Honey, a delic
ious alternative, is a natural sweetener that can easily be overlooked with the prolific use of artificial sweeteners and granulated sugar. Refined sugar became an inexpensive choice for many, pushing the use of honey further from the spotlight, with the natural goodness and benefits remaining unknown to many. The harvesting and use of honey dates back many thousands of years, some may say the practice dates back to the ancient Egyptians and Romans. It is believed in ancient Egyptian times, it was used as a natural sweetener for many of their foods; honey was even used as a sacrifice to their gods, even as an embalming agent.
The body tolerates honey better than other sweeteners, which results in better blood sugar control, one of the hidden treasures of the sweet nectar. Honey is a perfect complement for cooking, baking and other culinary uses. Some make beer with honey, often called honey beer or honey wine, typically known as mead, has been a favorite and popular beverage over the years. Spices and herbs give the beverage a very distinctive subtle flavor, and depending on the variety of flowers used, produce an unforgettable, impressive brew.
Floral Sources and Varieties
There are just about as many varieties of honey as there are blossoms and flower
s. Honey is classified by the floral source, that is, the flowers available for the bees to produce the honey. Just to name a few, one of the more popular varieties is Clover honey, it has a mild, pleasant taste, and is available in many parts of the world. Buckwheat honey is mainly produced in eastern United States and Canada, not as readily available, but is known for its rich content of antioxidants. It is dark in hue, naturally spicy, and a bit stronger in taste as compared to a lighter honey. The delicate, buttery taste of Firewood honey is a great replacement for artificial sweeteners or granulated sugar, which easily blends well and great for baking, glazing, or any number of styles of cooking. It is a mild popular honey found in the woods of Northwest United States. Orange blossom honey is produced locally in the States, as well as Spain and Mexico, it has a subtle citrus scent with a fresh clean light fruit flavor. Macadamia honey comes from its namesake, the Macadamia Nut tree. The honey has a deep color, and teases the palate with a light nutty savory flavor. There are many varieties of honey to explore and enjoy.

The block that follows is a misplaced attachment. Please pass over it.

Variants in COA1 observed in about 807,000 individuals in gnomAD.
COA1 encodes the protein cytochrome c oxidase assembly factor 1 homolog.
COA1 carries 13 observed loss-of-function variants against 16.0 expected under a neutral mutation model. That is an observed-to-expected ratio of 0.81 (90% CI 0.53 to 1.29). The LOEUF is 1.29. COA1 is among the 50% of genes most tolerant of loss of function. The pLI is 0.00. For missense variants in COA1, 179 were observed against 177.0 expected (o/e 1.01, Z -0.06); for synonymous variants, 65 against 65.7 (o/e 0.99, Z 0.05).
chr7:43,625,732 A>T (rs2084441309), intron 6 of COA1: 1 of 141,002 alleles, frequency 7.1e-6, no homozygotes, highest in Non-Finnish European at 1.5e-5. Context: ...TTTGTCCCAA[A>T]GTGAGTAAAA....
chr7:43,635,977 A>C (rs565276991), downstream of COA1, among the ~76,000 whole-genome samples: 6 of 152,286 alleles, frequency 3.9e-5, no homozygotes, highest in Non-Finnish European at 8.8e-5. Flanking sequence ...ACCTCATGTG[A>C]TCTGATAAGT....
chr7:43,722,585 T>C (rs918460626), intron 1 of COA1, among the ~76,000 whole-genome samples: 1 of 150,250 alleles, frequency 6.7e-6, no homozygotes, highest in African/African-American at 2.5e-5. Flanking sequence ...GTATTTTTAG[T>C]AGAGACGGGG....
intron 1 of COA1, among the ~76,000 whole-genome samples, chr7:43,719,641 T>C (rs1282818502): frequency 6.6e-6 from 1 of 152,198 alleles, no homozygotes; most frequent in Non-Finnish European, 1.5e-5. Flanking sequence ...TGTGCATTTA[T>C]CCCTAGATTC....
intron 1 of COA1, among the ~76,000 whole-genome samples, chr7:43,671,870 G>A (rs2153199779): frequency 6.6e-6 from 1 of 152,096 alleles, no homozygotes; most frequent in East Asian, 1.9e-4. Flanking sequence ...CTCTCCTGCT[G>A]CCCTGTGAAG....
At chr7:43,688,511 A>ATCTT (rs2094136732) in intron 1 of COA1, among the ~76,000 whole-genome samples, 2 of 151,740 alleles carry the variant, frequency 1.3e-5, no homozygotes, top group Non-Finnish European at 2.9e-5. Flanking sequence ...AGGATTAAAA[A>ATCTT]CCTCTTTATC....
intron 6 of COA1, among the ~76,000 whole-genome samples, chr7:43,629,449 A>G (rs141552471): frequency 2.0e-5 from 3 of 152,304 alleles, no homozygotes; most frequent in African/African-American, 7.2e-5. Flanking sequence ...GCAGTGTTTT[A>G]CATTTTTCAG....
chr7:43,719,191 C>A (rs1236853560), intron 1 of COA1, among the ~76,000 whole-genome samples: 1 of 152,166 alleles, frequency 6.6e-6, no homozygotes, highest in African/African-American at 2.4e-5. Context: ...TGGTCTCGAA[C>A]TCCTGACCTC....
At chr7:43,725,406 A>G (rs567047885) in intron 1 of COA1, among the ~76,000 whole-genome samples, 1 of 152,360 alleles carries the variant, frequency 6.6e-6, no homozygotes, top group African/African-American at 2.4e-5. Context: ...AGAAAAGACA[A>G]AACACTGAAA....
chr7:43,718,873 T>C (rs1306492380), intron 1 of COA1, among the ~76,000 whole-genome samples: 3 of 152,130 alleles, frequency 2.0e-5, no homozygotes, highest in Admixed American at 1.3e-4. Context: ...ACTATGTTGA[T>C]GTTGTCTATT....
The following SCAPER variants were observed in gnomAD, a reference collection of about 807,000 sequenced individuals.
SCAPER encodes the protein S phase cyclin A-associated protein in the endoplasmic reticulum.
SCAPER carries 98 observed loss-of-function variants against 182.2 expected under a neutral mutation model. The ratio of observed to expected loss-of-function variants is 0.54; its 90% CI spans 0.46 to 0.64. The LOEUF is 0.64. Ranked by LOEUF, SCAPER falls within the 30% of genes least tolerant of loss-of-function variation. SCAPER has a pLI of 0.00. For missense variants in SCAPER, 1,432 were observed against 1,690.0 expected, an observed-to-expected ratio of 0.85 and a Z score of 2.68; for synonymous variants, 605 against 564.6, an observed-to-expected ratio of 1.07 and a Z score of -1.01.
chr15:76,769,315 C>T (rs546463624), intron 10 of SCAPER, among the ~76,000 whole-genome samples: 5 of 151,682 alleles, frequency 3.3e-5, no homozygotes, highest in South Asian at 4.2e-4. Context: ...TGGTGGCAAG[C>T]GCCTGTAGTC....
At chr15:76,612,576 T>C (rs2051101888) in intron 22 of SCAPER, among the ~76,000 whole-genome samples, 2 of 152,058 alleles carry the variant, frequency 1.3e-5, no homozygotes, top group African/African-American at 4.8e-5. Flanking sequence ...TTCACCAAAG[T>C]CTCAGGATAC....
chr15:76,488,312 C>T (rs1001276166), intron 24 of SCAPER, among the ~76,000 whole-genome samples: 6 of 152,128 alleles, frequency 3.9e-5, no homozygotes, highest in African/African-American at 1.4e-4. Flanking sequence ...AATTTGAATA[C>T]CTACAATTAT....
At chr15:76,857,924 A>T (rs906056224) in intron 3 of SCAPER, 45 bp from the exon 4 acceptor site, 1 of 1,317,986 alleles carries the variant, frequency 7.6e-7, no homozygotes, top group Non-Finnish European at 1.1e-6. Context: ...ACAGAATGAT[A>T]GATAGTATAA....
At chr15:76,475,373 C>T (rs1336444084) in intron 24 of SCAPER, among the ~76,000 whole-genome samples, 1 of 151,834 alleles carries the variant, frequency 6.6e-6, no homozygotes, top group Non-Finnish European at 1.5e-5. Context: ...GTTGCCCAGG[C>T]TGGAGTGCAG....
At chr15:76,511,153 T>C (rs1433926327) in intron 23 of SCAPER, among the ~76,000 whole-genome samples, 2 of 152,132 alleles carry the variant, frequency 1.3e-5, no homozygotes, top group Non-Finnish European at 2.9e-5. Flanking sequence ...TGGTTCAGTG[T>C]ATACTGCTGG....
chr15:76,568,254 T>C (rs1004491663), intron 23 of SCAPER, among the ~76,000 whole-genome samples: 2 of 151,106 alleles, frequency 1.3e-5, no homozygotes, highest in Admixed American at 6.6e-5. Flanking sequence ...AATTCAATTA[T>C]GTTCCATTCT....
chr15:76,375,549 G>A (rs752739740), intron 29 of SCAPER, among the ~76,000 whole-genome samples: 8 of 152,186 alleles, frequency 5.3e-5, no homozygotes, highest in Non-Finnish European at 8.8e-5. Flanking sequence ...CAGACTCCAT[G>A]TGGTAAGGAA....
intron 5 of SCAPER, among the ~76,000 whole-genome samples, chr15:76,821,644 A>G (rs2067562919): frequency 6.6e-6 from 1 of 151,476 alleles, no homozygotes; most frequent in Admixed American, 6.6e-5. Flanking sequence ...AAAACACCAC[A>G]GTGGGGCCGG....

Benefits of Honey
The hidden treasures of honey have been known in many parts of the world for centuries and have been used for many conditions and ailments. Honey has antibacterial as well as antiseptic prop
erties and when added to warm water with a small amount of cinnamon powder relieves itchy skin and helps reduce the pain and inflammation from insect bites. A topical use of honey and cinnamon has been shown to give relief, with regular use, from other skins conditions, such as eczema. The use of honey instead of jam or other sweeteners helps reduce cholesterol, and with regular use on toast or other bread, helps to unclog the arteries. One study found that a regular cup of hot water with a couple of spoons of honey, combined with a small portion of cinnamon powder helps relieve the pain of arthritis. People susceptible to colds can enjoy relief of cold symptoms with a spoon of warm honey mixed with a small amount of cinnamon powder. Honey is a time-honored tre
atment for soothing sore throats and helps relieve coughs. The golden liquid mixed with a little cinnamon has been shown to get rid of the germs that result in bladder infections. Honey helps the immune system as well as helps to heal burns.
There are many benefits of honey that are worth exploring. The list is long, varied and fascinating, and the history surrounding this remarkable food is just as intriguing.